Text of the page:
The present invention is illustrated by way of example and not limitation in the accompanying figures.
FIG. 1 illustrates an embodiment of a system.
FIG. 2 illustrates an alternate embodiment of a system.
FIG. 3A illustrates another embodiment of a system.
FIG. 3B illustrates still another embodiment of a system.
FIG. 4 illustrates an embodiment of a process.
FIG. 5 illustrates an alternate embodiment of a process.
FIG. 6A illustrates an embodiment of a write process.
FIG. 6B illustrates an embodiment of a read process.
FIG. 6C illustrates an alternate embodiment of a read process.
FIG. 7A illustrates a table of results of a test of a system.
FIG. 7B illustrates another table of results of a test of a system.
FIG. 8A illustrates an embodiment of a ring oscillator.
FIG. 8B illustrates an embodiment of a system.
FIG. 8C illustrates an alternate embodiment of a system.
FIG. 9 illustrates an embodiment of a process.
FIG. 10A illustrates an embodiment of a machine-readable medium.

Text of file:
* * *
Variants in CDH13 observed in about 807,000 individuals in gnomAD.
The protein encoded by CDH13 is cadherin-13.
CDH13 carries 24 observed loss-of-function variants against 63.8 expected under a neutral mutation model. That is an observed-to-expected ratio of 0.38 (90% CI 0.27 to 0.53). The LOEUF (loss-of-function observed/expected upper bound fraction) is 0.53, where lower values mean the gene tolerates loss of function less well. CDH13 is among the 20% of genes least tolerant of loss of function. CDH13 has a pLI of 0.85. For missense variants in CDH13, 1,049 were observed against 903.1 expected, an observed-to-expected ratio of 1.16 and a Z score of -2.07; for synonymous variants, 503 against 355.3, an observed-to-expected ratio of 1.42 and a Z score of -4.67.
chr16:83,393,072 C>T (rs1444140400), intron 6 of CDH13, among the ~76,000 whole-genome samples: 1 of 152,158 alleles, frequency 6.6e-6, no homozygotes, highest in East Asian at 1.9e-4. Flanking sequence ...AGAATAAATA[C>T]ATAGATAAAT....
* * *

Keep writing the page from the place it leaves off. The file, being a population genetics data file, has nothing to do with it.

FIG. 10B illustrates an alternate embodiment of a machine-readable medium.
FIG. 11A illustrates a plot of phase offset against trim setting.
FIG. 11B illustrates another plot of phase offset against trim setting.
FIG. 11C illustrates yet another plot of phase offset against trim setting.
FIG. 12 illustrates a set of traditional timing margins.
FIG. 13 illustrates a first set of variable timing margins.
FIG. 14 illustrates a second set of variable timing margins.
A method and apparatus for a calibrated variable phase offset timing between synchronous clock subdomains is described. In the following description, for purposes of explanation, numerous specific details are set forth in order to provide a thorough understanding of the invention. It will be apparent, however, to one skilled in the art that the invention can be practiced without these specific details. In other instances, structures and devices are shown in block diagram form in order to avoid obscuring the invention.
Reference in the specification to “one embodiment” or “an embodiment” means that a particular feature, structure, or characteristic described in connection with the embodiment is included in at least one embodiment of the invention. The appearances of the phrase “in one embodiment” in various places in the specification are not necessarily all referring to the same embodiment, nor are separate or alternative embodiments mutually exclusive of other embodiments.